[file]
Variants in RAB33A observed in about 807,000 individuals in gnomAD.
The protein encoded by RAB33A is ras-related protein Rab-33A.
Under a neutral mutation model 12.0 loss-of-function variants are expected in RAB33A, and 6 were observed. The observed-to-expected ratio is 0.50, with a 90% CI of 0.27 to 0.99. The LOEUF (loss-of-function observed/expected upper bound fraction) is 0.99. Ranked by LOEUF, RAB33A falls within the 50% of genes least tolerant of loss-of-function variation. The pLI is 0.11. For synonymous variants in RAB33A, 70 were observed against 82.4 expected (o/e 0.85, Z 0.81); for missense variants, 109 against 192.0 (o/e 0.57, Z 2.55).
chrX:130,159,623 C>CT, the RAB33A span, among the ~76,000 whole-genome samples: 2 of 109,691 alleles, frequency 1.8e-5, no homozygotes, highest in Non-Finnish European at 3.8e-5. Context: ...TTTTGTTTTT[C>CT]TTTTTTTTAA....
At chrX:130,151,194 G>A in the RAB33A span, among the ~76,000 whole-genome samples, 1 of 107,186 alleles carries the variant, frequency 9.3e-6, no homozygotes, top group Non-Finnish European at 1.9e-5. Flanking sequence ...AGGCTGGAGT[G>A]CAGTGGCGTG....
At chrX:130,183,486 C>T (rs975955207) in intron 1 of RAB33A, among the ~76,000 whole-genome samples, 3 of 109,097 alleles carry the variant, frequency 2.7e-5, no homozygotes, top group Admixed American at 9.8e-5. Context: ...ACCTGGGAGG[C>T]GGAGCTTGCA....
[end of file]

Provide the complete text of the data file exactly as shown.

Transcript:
Variants in RAB33A observed in about 807,000 individuals in gnomAD.
The protein encoded by RAB33A is ras-related protein Rab-33A.
Under a neutral mutation model 12.0 loss-of-function variants are expected in RAB33A, and 6 were observed. The observed-to-expected ratio is 0.50, with a 90% CI of 0.27 to 0.99. The LOEUF (loss-of-function observed/expected upper bound fraction) is 0.99. Ranked by LOEUF, RAB33A falls within the 50% of genes least tolerant of loss-of-function variation. The pLI is 0.11. For synonymous variants in RAB33A, 70 were observed against 82.4 expected (o/e 0.85, Z 0.81); for missense variants, 109 against 192.0 (o/e 0.57, Z 2.55).
chrX:130,159,623 C>CT, the RAB33A span, among the ~76,000 whole-genome samples: 2 of 109,691 alleles, frequency 1.8e-5, no homozygotes, highest in Non-Finnish European at 3.8e-5. Context: ...TTTTGTTTTT[C>CT]TTTTTTTTAA....
At chrX:130,151,194 G>A in the RAB33A span, among the ~76,000 whole-genome samples, 1 of 107,186 alleles carries the variant, frequency 9.3e-6, no homozygotes, top group Non-Finnish European at 1.9e-5. Flanking sequence ...AGGCTGGAGT[G>A]CAGTGGCGTG....
At chrX:130,183,486 C>T (rs975955207) in intron 1 of RAB33A, among the ~76,000 whole-genome samples, 3 of 109,097 alleles carry the variant, frequency 2.7e-5, no homozygotes, top group Admixed American at 9.8e-5. Context: ...ACCTGGGAGG[C>T]GGAGCTTGCA....